Like the tranquil lakes and forest scenes depicted in his lithographs, Kurt Seaberg is as soft-spoken and reflective as they come. He considers each of his words carefully, speaking in the measured, quiet manner of someone who’s spent much of his time among nature. Since he was young, he says he’s leaned on artistic creation to communicate.
“It’s kind of a way of expressing myself, because I was always kind of a shy kid and had difficulty putting things into words. So it felt more natural to me to draw pictures.”
Working out of the Highpoint Center for Printmaking, Kurt largely practices an old method of printmaking called lithography, which was invented in 1796 by German author and actor Alois Senefelder as a cheap means of publishing theatrical works. Using Bavarian limestone, which is the standard of traditional lithography, Kurt draws onto the stone using grease crayons, then adds a layer of oil-based ink. Keeping the stone wet with water, the image is pressed onto paper; negative spaces appear where the water keeps the ink from adhering to the paper, while the grease crayons attract the ink, and hence, a mirror image appears on-paper. Kurt says he was first drawn to the practice when he was taking art classes at the University of Minnesota.
“I like the fact that you can make multiple images,” he says. “It’s a process where you might start out with an initial idea, but with printmaking you can continue to make changes to the key image, and so it kind of evolves.”
After he creates as many prints as he wishes using the principal image, the stone is ground down, effectively erasing the image. For prints using multiple colors, like the tri-colored work on this cover, each added shade requires its own limestone plate, allowing for layered variations on the same original drawing.
“With lithography, you can get some really nice, subtle tones,” he says. “What it creates are these really fine dots, if you look at it with a magnifying glass. I just like the qualities you can get, because I like to draw scenes from nature. You get the really atmospheric qualities.”
Growing up outside of Chicago, Kurt stood witness as his beloved forests and countryside transformed into lifeless developments. Seeing the impact that urban sprawl has had on our wild spaces pushed him into environmental activism—not by choice necessarily, but by an innate sense of obligation to uphold the sanctity of nature.
“I think that’s the origin of my political leaning,” he says of his upbringing. “I’m just very disturbed by what is happening to the earth, and I’ve always had a sense of beauty, too. Part of my role as an artist is just to remind people just how beautiful the world is. This is something that’s worth protecting, it’s sacred. Restoring that sense of the sacred is important to me.”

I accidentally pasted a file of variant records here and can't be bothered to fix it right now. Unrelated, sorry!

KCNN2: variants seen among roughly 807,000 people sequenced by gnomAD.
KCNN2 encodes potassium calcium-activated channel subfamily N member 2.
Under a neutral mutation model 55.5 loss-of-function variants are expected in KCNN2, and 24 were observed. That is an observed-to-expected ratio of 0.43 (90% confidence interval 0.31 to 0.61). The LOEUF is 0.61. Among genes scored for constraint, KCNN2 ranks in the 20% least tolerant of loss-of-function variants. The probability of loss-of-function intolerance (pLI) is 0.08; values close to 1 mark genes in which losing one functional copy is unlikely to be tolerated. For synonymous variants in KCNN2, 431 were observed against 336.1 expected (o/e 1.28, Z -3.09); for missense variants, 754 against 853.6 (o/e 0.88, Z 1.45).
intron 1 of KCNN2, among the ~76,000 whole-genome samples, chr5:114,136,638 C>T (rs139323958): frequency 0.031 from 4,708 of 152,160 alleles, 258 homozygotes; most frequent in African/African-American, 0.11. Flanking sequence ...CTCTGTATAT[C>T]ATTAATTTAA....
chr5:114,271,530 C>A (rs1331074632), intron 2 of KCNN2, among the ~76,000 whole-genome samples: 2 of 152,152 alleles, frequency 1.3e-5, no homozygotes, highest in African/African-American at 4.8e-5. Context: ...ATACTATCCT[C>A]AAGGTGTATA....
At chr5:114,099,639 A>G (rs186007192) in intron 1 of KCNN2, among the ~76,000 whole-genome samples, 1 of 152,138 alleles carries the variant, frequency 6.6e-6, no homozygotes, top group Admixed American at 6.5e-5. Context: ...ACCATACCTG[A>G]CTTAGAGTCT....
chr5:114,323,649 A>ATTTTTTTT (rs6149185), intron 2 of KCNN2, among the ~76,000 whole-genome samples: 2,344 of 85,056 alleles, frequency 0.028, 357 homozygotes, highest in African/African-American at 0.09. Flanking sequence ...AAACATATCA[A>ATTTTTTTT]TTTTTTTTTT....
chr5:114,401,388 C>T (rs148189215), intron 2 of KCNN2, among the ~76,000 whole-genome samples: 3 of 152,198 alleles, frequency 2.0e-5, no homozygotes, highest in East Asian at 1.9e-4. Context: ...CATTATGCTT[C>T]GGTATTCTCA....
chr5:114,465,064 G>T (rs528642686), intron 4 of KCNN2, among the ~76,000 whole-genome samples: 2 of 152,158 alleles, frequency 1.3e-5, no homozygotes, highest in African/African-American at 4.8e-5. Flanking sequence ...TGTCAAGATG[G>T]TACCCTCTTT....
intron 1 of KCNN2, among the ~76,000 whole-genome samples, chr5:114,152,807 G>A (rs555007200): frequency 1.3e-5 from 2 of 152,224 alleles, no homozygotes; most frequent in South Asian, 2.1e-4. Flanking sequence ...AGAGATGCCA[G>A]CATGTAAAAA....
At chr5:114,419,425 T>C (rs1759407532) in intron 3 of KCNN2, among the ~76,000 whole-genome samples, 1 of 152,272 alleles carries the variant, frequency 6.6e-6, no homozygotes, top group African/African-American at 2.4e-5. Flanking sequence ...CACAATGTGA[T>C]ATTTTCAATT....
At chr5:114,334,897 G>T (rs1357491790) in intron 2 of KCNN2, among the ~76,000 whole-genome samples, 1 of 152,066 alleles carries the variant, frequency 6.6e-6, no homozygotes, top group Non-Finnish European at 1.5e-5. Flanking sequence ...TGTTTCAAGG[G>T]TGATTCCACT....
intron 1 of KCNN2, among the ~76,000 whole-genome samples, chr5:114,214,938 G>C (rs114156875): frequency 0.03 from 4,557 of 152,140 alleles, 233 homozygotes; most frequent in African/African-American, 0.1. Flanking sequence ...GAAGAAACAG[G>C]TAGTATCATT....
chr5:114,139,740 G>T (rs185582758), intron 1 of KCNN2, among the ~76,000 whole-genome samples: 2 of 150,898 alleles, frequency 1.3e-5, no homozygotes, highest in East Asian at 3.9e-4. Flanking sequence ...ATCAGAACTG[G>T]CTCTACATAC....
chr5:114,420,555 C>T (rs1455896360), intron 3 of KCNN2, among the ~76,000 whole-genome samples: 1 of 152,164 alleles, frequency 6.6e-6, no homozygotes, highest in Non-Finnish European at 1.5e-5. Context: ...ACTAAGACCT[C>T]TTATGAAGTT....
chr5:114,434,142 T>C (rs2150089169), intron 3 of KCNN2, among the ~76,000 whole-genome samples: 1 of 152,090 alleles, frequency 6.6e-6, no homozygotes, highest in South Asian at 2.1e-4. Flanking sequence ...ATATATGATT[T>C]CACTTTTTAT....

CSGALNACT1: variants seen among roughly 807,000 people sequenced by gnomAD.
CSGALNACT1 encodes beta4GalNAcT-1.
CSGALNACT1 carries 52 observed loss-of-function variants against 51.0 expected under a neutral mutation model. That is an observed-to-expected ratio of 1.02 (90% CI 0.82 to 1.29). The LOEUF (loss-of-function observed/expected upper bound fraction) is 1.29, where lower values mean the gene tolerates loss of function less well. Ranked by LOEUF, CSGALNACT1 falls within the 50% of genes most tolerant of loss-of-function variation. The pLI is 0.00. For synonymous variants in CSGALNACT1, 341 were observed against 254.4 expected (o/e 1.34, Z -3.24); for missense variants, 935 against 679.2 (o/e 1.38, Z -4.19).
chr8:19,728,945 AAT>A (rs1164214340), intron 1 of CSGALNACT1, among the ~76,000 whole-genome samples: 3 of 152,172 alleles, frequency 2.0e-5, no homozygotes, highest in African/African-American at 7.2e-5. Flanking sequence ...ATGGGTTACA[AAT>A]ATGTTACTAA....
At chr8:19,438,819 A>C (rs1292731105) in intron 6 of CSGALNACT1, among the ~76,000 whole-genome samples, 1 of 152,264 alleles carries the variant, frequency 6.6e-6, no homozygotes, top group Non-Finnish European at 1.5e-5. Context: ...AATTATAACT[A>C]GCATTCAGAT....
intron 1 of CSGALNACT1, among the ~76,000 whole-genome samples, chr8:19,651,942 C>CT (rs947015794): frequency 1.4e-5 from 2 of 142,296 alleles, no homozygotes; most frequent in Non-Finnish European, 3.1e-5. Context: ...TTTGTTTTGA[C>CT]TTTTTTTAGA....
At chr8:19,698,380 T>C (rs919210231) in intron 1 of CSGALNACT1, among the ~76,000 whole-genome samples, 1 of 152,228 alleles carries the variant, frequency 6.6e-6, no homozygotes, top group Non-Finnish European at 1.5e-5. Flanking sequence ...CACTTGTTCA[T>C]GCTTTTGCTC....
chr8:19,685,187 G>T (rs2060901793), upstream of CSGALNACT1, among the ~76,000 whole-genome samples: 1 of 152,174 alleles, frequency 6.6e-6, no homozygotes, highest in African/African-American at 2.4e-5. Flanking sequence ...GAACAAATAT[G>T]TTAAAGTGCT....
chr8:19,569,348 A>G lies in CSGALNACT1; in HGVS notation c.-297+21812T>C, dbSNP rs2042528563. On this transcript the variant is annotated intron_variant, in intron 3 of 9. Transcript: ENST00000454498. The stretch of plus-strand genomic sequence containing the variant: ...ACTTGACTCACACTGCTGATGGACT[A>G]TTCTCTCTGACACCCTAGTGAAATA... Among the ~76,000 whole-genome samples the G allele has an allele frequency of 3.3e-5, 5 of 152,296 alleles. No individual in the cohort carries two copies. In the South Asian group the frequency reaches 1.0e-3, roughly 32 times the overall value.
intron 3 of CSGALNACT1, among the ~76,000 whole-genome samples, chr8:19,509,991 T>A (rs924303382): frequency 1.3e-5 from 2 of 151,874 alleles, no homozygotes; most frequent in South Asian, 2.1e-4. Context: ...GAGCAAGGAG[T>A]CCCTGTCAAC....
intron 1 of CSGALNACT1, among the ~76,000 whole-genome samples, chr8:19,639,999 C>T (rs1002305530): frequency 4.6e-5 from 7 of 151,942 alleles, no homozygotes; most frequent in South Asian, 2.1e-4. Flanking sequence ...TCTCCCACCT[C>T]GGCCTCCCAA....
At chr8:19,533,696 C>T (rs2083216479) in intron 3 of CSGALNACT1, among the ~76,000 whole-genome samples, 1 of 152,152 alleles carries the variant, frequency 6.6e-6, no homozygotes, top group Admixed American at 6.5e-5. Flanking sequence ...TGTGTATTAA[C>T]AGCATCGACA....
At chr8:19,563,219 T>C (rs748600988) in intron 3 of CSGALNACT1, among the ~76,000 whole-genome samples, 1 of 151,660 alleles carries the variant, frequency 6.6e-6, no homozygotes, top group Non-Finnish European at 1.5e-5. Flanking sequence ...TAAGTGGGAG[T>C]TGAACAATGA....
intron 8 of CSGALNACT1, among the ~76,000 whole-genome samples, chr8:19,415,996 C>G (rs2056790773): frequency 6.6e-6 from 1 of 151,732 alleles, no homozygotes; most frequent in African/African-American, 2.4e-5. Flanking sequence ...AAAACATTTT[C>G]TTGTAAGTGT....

When it comes to seeking inspiration for his work, Kurt says all he has to do is step outside of his home, situated along a calm, green stretch of West River Road in Minneapolis. “Just here in Minneapolis, I don’t feel like I really have to go anywhere,” he says. “We’ve got a lot of wild places right here in the city. I feel really blessed that we live in this place where we’ve got this wilderness corridor going right through the Cities, and I don’t think enough people really appreciate it.”
Though he’s created some works that are overtly political—including a piece called “Migrant Workers” depicting migrant farmhands from Mexico working in a field, with migratory monarch butterflies flying overhead—he argues that, in today’s political climate, a simple landscape can be seen as controversial.
“I think that everything is political now,” he says. “I work with indigenous people, and to them, just surviving is a political stance. We live in a society that’s trying to kill [them], so survival becomes a political statement, a form of resistance.”
Unlike other landscape artists who draw on specific locations in their work, Kurt largely works from memory, visualizing places from both reality and his dreams to come up with an image. His use of lithography provides soft textures that capture the mystery and moodiness of nature, imparting more of a general sense of place than a specific recognition. “I’m more interested in developing a feeling,” he says, “capturing what the spirit of a place is.”
It’s his form of active resistance, raising awareness that there are still wild places all around us that are worth protecting—all we have to do is look.
Currently resides: Minneapolis